4 pieces of advice for caregivers from caregivers : Life Kit 1 in 5 Americans are acting as unpaid caregivers. The work can be meaningful but also stressful. Caregivers give advice about how to approach the job, find support and make time for yourself.

4 pieces of advice for caregivers, from caregivers

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UNIDENTIFIED PERSON: This is NPR's LIFE KIT, with tools to help you get it together.

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TK DUTES, HOST:

Imagine this - you're living it up in New York City, six months into the job of your dreams in late-night TV, and you get a call that changes everything. That's what happened to Jacquelyn Revere in 2016.

JACQUELYN REVERE: I was on the subway. I received a phone call from my mom's friend, who said, there's something wrong with your mom. You need to fly home.

DUTES: When she got home, it was really bad. Jacquelyn's mom had Alzheimer's disease, and her mental state had been declining. The mortgage hadn't been paid in two months, and a foreclosure notice waited for her.

REVERE: There was, like, spoiled food everywhere. And my mom was not in a mental space where she could be coherent.

DUTES: Before getting sick, her mother was also taking care of her own mother with dementia. Suddenly, at age 29, Jacquelyn became a full-time caregiver, taking care of both her mother and her grandmother.

REVERE: I was just kind of, like, dropped into the middle of caring for two people who I love. And so there is a huge emotional, mental and physical side of care that we just don't talk about that much.

DUTES: One in 5 Americans are like Jacquelyn. According to a 2020 report from the National Alliance for Caregiving and the AARP, that's more than 50 million Americans acting as unpaid caregivers to family members and loved ones.

I'm TK Dutes. Before I was a reporter, I used to be a former health care provider for 15 years. I worked alongside primary caregivers every day to ensure their loved ones, children, elderly, disabled and chronically ill people had a great quality of life. My presence was a momentary respite for family members that were on duty in their own homes 24 hours a day. So on this episode of LIFE KIT, how caregivers can care for themselves. I'll talk with two caregivers about what's worked for them, what they wish they'd done differently, how it changed them and how we can support the caregivers in our lives.

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DUTES: Becoming a caregiver is a big transition. You go from taking care of yourself, your immediate family, maybe some pets, to taking responsibility for the physical, emotional and financial well-being of another, often coming out of nowhere, shattering any plans you may have.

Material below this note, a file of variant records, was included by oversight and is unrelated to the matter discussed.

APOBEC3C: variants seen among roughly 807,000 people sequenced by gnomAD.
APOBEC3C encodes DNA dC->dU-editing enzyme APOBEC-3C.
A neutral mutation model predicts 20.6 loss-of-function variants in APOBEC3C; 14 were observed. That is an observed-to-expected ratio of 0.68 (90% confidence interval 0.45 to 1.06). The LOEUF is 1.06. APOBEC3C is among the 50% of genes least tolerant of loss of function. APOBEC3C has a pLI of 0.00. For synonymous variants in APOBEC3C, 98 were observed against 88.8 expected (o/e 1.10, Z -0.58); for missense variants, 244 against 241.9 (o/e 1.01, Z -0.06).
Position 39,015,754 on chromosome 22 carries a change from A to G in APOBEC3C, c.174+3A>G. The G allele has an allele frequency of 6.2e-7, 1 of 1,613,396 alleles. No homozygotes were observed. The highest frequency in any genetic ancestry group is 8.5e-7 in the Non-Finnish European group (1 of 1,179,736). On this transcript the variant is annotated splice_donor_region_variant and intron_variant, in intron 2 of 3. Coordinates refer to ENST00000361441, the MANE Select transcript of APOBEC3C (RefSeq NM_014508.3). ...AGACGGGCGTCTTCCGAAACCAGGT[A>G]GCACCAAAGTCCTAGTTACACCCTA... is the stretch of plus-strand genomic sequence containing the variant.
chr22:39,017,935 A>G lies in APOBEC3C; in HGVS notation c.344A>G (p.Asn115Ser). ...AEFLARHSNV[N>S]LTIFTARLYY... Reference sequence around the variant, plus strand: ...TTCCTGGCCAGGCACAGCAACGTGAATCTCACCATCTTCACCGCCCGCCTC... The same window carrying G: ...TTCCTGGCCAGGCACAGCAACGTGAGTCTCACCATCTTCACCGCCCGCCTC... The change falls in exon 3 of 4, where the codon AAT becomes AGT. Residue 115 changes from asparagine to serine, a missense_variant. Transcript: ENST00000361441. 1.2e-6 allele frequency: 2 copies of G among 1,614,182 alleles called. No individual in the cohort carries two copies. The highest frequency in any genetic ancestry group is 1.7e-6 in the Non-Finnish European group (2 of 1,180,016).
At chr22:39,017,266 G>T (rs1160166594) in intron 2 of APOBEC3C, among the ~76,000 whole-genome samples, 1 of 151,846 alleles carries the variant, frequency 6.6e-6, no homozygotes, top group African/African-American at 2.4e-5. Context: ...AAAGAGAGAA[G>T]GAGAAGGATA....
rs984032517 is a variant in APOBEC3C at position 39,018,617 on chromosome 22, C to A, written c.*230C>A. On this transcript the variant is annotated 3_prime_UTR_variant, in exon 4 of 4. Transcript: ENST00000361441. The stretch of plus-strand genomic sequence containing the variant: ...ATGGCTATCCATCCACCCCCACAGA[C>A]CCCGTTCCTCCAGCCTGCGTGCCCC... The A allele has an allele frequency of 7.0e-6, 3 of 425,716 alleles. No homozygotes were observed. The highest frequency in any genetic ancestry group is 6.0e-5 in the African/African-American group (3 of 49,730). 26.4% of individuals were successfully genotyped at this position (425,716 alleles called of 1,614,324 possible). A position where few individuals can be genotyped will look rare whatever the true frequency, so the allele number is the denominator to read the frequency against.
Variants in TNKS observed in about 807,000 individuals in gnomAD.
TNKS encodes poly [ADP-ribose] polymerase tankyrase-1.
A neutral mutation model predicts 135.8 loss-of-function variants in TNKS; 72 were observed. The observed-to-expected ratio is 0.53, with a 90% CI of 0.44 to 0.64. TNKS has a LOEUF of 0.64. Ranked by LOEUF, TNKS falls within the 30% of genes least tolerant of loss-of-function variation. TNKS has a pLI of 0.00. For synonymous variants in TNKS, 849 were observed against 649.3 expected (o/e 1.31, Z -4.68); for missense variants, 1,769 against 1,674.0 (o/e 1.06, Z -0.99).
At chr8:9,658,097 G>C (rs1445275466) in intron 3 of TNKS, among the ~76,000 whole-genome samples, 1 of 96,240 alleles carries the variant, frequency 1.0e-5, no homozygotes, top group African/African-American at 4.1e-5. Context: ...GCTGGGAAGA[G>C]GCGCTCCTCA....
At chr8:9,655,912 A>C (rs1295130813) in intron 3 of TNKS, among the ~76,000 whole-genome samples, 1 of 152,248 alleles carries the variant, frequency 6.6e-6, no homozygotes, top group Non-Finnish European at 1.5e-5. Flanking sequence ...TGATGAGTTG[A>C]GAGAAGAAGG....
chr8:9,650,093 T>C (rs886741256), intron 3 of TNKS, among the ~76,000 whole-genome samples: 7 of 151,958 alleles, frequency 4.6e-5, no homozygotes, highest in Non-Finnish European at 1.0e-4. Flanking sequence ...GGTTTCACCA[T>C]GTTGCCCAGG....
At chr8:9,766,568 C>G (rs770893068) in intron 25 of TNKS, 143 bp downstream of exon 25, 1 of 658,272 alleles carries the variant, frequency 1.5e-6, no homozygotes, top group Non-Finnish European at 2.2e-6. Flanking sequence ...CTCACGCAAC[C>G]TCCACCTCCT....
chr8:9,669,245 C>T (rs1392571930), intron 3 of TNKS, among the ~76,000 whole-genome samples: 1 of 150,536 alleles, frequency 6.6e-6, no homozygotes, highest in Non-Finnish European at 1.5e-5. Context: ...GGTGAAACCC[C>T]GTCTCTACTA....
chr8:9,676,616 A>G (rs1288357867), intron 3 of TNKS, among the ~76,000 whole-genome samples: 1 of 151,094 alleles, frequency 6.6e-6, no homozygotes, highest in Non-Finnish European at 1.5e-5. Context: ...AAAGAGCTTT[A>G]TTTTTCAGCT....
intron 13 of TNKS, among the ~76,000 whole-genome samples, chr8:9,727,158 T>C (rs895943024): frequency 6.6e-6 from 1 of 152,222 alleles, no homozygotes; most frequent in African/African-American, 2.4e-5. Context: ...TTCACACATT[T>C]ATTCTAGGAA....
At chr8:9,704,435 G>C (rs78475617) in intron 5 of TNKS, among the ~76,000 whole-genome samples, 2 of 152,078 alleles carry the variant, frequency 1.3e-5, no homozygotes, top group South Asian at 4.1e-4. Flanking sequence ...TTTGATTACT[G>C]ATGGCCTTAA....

How did it feel going from college to being a full-time caregiver? Did you feel like, you know, whoa, this is not fair? Or like, damn, like, I got to leave school? What was that transition like?

TREZURE EMPIRE: It was just like I had to mourn, you know, the life that I was setting up, the life that we even prepared me for.

DUTES: TreZure Empire is a multidisciplinary artist from the Bronx who got her start in music and has since branched off into streetwear and swimwear through her company Conch + Cowrie.

TREZURE EMPIRE: I'm also my mother's primary caregiver, and I have been my entire adult life. So I just crossed my 20th year as a caregiver.

DUTES: She was leaving for college when her mom had a botched knee replacement surgery that set off a ripple effect of eight more surgeries on the same knee and eventually the other knee. As time went on, it would render her mom permanently disabled and in need of continuous care.

TREZURE EMPIRE: You know, as an artist, it was a blessing and also a curse to tour 'cause I didn't know who was going to take care of my mom. And so it just stopped me from doing things - not that she asked me to, but what are you going to do when you see somebody down? Like, go play superstar?

DUTES: Which brings us to Takeaway No. 1 - feel your feelings. You're going through a life-altering event, and there's no blueprint for taking care of someone you love.

Can you talk more about mourning the life that you - you know, you guys prepared you for? Has your mom ever talked to you about that?

TREZURE EMPIRE: I mean, we do. It's very difficult to be - you know, I feel like it's messy, like, the roles that we play and have played. You know, we've been each other's caregiver for the same amount of time. And we're very different people. My mom obviously loves me and loves me being around, and I love to be around, but as a person, you know, if not for these situations, I probably would be far away.